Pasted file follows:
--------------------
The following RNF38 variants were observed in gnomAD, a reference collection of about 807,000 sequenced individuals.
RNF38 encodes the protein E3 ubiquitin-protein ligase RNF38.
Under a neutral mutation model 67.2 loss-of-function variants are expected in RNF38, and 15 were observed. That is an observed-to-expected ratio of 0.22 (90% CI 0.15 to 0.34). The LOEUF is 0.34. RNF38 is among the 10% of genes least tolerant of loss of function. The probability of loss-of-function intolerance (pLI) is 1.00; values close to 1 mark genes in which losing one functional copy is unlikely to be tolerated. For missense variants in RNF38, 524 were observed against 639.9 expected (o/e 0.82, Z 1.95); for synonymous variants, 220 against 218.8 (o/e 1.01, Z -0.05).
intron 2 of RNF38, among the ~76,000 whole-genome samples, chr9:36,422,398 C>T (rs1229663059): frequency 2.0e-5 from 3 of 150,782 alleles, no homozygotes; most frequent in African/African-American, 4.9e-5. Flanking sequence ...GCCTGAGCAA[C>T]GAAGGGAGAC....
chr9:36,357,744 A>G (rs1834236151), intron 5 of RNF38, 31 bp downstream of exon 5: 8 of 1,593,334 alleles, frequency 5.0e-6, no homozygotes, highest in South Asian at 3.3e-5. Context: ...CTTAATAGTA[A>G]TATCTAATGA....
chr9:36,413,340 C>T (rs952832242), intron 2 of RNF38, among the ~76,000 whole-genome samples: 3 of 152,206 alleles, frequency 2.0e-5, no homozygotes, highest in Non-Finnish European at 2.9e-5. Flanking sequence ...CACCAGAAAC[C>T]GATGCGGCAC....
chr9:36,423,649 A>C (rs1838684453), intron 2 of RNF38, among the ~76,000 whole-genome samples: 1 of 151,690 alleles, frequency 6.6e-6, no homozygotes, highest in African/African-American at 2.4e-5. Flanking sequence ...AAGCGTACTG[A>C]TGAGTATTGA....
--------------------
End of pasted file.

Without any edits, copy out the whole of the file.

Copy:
The following RNF38 variants were observed in gnomAD, a reference collection of about 807,000 sequenced individuals.
RNF38 encodes the protein E3 ubiquitin-protein ligase RNF38.
Under a neutral mutation model 67.2 loss-of-function variants are expected in RNF38, and 15 were observed. That is an observed-to-expected ratio of 0.22 (90% CI 0.15 to 0.34). The LOEUF is 0.34. RNF38 is among the 10% of genes least tolerant of loss of function. The probability of loss-of-function intolerance (pLI) is 1.00; values close to 1 mark genes in which losing one functional copy is unlikely to be tolerated. For missense variants in RNF38, 524 were observed against 639.9 expected (o/e 0.82, Z 1.95); for synonymous variants, 220 against 218.8 (o/e 1.01, Z -0.05).
intron 2 of RNF38, among the ~76,000 whole-genome samples, chr9:36,422,398 C>T (rs1229663059): frequency 2.0e-5 from 3 of 150,782 alleles, no homozygotes; most frequent in African/African-American, 4.9e-5. Flanking sequence ...GCCTGAGCAA[C>T]GAAGGGAGAC....
chr9:36,357,744 A>G (rs1834236151), intron 5 of RNF38, 31 bp downstream of exon 5: 8 of 1,593,334 alleles, frequency 5.0e-6, no homozygotes, highest in South Asian at 3.3e-5. Context: ...CTTAATAGTA[A>G]TATCTAATGA....
chr9:36,413,340 C>T (rs952832242), intron 2 of RNF38, among the ~76,000 whole-genome samples: 3 of 152,206 alleles, frequency 2.0e-5, no homozygotes, highest in Non-Finnish European at 2.9e-5. Flanking sequence ...CACCAGAAAC[C>T]GATGCGGCAC....
chr9:36,423,649 A>C (rs1838684453), intron 2 of RNF38, among the ~76,000 whole-genome samples: 1 of 151,690 alleles, frequency 6.6e-6, no homozygotes, highest in African/African-American at 2.4e-5. Flanking sequence ...AAGCGTACTG[A>C]TGAGTATTGA....